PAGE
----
“We’re not in the subscription business. It would be hard to explain that we want to empower the young generation and ask them to pay for it. The free, advertising-based model is great because you provide information and quality content to masses. Advertising is starting to become the tax for the poor, it’s true, and a little bit worrying. But I do feel that we need free media. Free in terms of freedom of speech, but also in terms of availability. And we can’t educate masses within walls. We’re in the bridge business, not in the wall business.”

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Growing under the guidance of Dubuc has also meant placing greater demands on the tech giants to give something back for the content that Vice is putting on their platforms. Delport claims that 83% of Vice’s 300 million readers a month trust its news.

“Our information is critical, there’s no fake news. It’s untold stories, stuff you can’t find anywhere else. And you can build a business on that,” he said.

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“We’re very clear [with Facebook] that we are monetisation obsessed. Part of the reengineering of the company was prioritising profitability and to be sure that we can reach profitability before the end of the year or beginning of next year.”

Delport – who has sat on Facebook’s client council for seven years – says it and others have “cracked” their own profitability models with advertisers, so the time has come for frank conversations on finding a way to pay for the “quality content” they need in an era of fake news proliferating on their sites.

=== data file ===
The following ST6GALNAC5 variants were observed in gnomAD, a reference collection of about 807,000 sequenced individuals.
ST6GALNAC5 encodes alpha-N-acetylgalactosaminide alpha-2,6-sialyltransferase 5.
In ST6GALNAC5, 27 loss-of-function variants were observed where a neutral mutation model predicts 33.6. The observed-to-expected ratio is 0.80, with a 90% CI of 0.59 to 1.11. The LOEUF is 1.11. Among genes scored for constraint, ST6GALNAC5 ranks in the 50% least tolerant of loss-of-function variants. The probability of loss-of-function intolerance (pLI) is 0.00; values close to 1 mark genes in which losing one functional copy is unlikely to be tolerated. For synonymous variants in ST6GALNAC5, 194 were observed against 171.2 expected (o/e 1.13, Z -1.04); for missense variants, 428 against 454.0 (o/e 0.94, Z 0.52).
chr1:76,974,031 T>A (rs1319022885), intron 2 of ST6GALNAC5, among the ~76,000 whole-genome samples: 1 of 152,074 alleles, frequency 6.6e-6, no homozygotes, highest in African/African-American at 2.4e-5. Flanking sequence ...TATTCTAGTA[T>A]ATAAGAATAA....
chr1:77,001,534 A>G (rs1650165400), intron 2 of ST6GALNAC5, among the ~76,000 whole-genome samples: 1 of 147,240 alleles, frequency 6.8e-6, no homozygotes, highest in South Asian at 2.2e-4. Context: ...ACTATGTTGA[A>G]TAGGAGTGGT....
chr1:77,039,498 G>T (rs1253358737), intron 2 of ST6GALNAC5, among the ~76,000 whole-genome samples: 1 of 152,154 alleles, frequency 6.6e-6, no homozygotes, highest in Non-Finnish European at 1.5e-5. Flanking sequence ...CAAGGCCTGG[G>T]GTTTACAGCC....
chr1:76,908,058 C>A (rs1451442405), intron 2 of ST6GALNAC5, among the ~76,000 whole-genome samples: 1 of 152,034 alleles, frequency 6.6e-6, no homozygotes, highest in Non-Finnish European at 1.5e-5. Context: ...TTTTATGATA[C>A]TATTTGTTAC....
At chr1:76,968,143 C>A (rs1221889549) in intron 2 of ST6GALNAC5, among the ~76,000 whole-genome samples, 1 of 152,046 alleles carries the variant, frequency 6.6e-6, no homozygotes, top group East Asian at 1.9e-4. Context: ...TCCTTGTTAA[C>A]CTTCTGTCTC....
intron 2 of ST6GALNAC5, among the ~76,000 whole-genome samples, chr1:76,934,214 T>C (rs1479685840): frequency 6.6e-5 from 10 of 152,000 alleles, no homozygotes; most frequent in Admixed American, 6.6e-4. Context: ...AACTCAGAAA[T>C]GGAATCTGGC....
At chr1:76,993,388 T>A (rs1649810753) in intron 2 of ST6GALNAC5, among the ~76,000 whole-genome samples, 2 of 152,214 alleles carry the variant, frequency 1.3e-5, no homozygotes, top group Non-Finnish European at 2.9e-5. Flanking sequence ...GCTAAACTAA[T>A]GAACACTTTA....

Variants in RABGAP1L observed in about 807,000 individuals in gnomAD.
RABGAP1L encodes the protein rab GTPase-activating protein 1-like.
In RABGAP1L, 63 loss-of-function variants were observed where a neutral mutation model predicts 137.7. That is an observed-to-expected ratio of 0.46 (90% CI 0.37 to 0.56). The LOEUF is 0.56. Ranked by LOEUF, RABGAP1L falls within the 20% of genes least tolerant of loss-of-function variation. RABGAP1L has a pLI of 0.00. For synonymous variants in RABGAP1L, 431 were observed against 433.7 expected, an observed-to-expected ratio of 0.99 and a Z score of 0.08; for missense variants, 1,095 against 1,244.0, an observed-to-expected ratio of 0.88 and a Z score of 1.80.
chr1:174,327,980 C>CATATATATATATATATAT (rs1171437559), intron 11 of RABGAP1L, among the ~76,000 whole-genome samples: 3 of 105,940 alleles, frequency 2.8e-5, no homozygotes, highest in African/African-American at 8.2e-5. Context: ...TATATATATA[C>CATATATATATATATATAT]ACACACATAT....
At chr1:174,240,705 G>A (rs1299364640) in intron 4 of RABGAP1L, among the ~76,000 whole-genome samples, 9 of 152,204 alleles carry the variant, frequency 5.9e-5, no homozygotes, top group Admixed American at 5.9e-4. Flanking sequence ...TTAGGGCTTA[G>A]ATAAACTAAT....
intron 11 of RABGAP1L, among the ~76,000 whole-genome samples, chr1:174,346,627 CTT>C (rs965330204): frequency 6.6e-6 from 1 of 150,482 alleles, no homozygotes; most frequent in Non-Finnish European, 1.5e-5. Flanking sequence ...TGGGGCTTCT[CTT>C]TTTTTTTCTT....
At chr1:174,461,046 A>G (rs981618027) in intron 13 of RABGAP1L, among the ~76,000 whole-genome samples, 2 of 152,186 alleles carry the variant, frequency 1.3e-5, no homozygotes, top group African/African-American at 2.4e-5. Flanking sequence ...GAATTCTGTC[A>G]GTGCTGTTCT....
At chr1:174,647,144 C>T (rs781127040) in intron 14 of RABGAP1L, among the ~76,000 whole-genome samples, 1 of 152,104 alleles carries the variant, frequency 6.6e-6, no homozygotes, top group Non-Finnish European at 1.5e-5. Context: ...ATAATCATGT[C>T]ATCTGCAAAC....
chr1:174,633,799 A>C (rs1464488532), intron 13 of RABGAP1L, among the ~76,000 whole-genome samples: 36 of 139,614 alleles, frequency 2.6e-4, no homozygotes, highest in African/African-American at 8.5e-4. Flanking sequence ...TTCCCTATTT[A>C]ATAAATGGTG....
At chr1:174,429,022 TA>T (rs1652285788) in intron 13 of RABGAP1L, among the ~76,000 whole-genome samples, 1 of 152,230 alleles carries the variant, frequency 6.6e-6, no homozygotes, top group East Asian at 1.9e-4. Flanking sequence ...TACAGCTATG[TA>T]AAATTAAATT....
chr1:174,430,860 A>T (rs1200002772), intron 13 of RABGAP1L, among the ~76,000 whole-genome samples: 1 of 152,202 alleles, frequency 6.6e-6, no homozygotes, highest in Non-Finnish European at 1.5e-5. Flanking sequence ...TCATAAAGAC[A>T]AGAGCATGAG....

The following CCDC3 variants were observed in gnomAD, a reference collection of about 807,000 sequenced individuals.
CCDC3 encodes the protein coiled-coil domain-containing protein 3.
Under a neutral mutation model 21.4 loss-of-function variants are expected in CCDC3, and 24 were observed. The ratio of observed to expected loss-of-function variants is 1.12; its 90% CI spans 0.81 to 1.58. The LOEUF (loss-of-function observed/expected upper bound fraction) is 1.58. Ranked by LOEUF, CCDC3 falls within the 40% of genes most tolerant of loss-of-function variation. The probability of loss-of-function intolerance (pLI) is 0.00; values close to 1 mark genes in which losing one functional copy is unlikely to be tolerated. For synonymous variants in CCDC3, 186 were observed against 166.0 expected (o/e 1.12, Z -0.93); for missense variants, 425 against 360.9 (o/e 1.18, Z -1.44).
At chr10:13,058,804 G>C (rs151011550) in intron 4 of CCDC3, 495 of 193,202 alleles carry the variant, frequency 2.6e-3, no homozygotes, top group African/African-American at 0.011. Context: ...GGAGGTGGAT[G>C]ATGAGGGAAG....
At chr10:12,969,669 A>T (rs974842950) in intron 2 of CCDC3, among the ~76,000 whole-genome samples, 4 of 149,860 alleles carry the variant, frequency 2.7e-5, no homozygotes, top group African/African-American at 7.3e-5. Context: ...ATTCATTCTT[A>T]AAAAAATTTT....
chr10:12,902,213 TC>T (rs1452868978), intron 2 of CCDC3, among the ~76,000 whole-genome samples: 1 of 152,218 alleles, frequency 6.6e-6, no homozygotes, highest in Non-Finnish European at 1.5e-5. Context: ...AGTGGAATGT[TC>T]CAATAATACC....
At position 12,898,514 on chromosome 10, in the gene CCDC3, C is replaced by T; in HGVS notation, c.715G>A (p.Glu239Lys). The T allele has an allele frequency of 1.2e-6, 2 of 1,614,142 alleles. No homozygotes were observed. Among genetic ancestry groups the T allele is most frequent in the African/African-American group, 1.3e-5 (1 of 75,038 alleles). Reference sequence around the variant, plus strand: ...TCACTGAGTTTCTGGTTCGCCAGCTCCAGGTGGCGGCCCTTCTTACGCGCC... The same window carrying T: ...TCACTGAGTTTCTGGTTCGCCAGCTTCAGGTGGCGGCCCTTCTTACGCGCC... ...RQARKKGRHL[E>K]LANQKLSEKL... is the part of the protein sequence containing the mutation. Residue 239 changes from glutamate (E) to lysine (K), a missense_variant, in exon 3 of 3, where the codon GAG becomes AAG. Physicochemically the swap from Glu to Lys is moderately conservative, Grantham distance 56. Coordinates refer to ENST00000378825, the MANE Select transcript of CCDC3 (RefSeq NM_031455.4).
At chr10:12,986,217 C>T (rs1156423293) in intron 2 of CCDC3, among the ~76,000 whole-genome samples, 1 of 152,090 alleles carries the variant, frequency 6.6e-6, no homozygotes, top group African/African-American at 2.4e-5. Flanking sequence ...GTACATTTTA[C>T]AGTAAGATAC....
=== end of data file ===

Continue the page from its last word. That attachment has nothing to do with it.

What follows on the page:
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“The way of these platforms is to put more legitimate content on their platforms from trusted sources. It’s a journey and we probably weren’t ready in the way we are now [to talk to Facebook] because we know now exactly what we produce, how much, globally line by line. So, for these platforms, we’re having a very new discussion with them,” he said.

Leading that discussion is a new chief digital officer, Cory Haik, who recently arrived having spent her career at The Washington Post and Mic, and a new global president for news and entertainment, Jesse Angelo.

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“With that management team, we will have even deeper discussion with these platforms and they will feel like we’re one Vice and we can help them and, and of course they can keep building out brand. It’s a nice deal.”

Illustration for article titled ‘We’re professionals now’: Dominque Delport on drawing a line under Vice’s troubled year